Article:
All they have is money

This week a friend and I went to dinner at a downtown restaurant. The week has been especially cold with the nighttime temperatures approaching -30C.

As we neared the restaurant a very thin young man dressed only in jeans, a sweatshirt and a knit hat asked us if we had a bus ticket we could give him.

Without hesitating I reached into my wallet for one. As I was doing this, the young man explained that he hated to ask for money but wanted to get to the overnight homeless shelter. I gave him the ticket and a $5 bill. He whooped with happiness and gave me a hug thanking me over and over and over. He exclaimed, “Now I can go inside and have a coffee first and get warm!” I wished him a good night and he rushed off up the street to a coffee shop.

My friend turned to me with a curious expression and before he could say anything I told him “That’s why I always carry cash.”

He replied, “You’re more generous than I am. You won’t get rich giving it away.”

I answered, “I am already rich because I know I have enough to share. Those other people you call “rich”? All they have is money.”

Advertisements

How to be powerful

It seems as if our society is fascinated by, even celebrates, destruction.

We have that awful term “shock and awe” from the second Gulf war. We have ____mageddon (here close to Toronto that would be snowmageddon for example) and ____apocalypse (What isn’t an apolcalypse these days? Zombies, turkeys, weather, shopping).

Popular news favors the unsavory and we’re deluged with images of war, violence, crime and other horrors. Insults, sarcasm, explosions, war games, gladiator sports and brawls pass as entertainment. We’re endlessly wowed with our own ability to destroy and be horrible.

Are we drawn to the power inherent in these destructive images; the power to turn our world upside down, to rip each other or a country apart, or freeze it in its tracks?

Is destruction powerful? No. Creation is the ultimate power.  

Which is more powerful? Hurting a person or animal or using love and patience to restore health and trust? Is it more meaningful to tear down a society or to build one? Which are more enduring? Works of beauty and skill or acts of vandalism and destruction?

Victory Hand BY KANAGRAJ RAJ

Victory Hand
BY KANAGRAJ RAJ

If I can choose my response to any situation – and I can, and so can you – then choosing optimism, hope and kindness is the constructive, powerful choice.

Being morally brave, standing up for what is right, taking the high road, building, growing, creating and being generous are the hallmarks of a powerful person.

If you don’t like it, don’t look.

I only ever met my paternal grandmother once when I was four-years old. I remember her as dour and commanding – a woman who had lived in Berlin during both World Wars and had experienced starvation, economic depression and war crimes.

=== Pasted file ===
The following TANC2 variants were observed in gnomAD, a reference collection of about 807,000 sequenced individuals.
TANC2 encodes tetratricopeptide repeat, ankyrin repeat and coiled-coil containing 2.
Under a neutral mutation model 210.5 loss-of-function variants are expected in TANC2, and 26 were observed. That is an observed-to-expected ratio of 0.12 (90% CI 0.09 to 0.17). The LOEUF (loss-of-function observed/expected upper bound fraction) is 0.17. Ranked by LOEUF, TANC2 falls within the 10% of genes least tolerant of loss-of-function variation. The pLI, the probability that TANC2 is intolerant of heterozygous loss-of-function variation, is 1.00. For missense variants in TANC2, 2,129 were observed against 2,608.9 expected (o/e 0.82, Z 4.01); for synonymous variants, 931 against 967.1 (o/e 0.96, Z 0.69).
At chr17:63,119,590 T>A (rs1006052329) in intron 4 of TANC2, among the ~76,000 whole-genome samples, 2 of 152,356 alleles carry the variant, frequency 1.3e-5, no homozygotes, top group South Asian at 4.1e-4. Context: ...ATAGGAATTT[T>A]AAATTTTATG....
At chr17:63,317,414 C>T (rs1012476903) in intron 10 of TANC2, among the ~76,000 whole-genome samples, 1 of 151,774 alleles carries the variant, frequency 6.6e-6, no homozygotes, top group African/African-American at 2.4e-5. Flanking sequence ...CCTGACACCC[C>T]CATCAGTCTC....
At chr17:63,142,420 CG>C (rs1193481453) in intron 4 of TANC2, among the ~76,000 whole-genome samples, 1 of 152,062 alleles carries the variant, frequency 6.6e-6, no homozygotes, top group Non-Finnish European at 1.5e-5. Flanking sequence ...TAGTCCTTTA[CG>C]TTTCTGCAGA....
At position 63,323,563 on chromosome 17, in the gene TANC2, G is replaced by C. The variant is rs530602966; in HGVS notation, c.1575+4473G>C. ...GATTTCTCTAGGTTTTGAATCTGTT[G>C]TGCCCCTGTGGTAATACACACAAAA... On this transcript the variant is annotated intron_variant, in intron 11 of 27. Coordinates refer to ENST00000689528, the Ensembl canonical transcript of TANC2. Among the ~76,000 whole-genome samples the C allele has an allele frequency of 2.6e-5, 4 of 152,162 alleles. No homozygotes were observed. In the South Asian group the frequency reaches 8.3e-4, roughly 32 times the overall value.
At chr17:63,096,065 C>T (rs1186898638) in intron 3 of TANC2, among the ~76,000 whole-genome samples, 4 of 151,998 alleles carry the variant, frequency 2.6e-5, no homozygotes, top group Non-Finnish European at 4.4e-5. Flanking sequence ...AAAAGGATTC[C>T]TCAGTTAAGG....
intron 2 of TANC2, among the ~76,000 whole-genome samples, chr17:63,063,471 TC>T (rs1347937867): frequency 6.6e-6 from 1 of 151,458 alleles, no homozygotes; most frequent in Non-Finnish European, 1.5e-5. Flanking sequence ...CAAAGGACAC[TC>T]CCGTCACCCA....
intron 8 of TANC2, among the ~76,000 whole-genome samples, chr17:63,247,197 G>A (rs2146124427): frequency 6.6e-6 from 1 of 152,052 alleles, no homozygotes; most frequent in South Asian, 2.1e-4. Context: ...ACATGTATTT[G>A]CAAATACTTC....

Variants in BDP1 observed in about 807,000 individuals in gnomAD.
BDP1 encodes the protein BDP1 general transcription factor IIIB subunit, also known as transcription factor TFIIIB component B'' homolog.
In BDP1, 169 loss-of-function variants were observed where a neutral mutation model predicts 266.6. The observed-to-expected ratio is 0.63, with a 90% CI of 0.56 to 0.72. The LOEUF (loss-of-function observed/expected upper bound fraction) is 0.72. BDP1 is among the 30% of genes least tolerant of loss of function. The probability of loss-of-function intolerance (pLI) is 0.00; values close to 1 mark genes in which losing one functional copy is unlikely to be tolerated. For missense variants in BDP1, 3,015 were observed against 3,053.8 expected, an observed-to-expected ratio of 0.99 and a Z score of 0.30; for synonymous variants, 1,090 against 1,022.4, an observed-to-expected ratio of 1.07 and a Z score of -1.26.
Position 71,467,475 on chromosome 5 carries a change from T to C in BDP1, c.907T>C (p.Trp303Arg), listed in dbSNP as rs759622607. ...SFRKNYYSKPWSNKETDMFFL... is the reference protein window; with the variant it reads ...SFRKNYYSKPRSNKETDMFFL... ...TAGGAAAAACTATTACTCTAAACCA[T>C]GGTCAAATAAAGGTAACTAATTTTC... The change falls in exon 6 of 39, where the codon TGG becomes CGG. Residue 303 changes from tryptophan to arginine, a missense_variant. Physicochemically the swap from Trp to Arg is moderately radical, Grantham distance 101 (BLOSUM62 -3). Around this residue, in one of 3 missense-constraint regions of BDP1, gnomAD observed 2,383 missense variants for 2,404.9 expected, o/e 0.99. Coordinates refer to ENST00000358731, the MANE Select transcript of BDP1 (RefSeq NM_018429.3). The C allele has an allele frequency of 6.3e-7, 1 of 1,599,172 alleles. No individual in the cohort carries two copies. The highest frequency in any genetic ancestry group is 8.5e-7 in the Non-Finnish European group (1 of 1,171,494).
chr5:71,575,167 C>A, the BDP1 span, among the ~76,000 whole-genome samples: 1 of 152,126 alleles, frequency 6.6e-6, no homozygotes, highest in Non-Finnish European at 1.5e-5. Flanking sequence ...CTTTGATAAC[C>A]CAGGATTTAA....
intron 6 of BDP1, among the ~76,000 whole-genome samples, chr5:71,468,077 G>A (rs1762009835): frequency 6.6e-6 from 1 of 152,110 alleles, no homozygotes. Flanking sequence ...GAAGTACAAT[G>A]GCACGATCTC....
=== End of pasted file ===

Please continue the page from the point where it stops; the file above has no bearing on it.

She was also a diehard (pun intended) smoker. I was a pint-sized but vocal anti-smoking campaigner.

She would light up a cigarette and I would tell her that it was killing her, that it was killing me to see her smoking, that it was a bad thing to do and on and on and on.

Not a woman to be dictated to by anyone, least of all a preachy child, her response was a stern and nonnegotiable “If you don’t like it, don’t look.” Please keep in mind that in 1969, no one knew about the dangers of second hand smoke.

“If you don’t like it, don’t look.” It’s not an invitation to avoid seeing what’s unpleasant in the world. Those things need to be seen and known about.

No, what my grandmother was saying was “I’ll do what is right for me without regard to the opinions or criticisms of others. If it bothers them, then they can go away.”

I know so many people who want to try things but won’t because they may look silly or won’t be “good enough.”

fatladyWho hasn’t heard a woman say “I’d never go to the beach looking like this. I’m too fat/pale/lumpy.”?

Thanks to my grandmother, when I hear something of that ilk, I reply “Gee, if I’m ever too ugly to look at, everyone else can put a bag over their heads.”

And I mean it. Go out and do whatever you want and remember, if “they” don’t like it, “they” don’t have to look.

Give time time

carnationWhen I was a very young child, I used to go to my mother’s carnation garden and try to open up all the budding flowers. At first I thought I could speed things along – get the buds fully open and beautiful so my mother could enjoy them sooner.

Even after my mother patiently and, what I can see now was the exercising of loving-mother restraint, repeatedly explained to me that I was not helping but was in fact destroying the flowers and they would never bloom, I persisted in trying to open the buds.

I knew my mother said it was wrong to do. I knew she said it wouldn’t work and that it upset her, but I was pretty sure that the laws of nature didn’t apply to me. Don’t we all think that sometimes?

You just have to give some things the time they need: to grow, to heal, to open, to close, to develop, to rise or recede. You can’t help every process along. What you can do is get out of the way and give time time.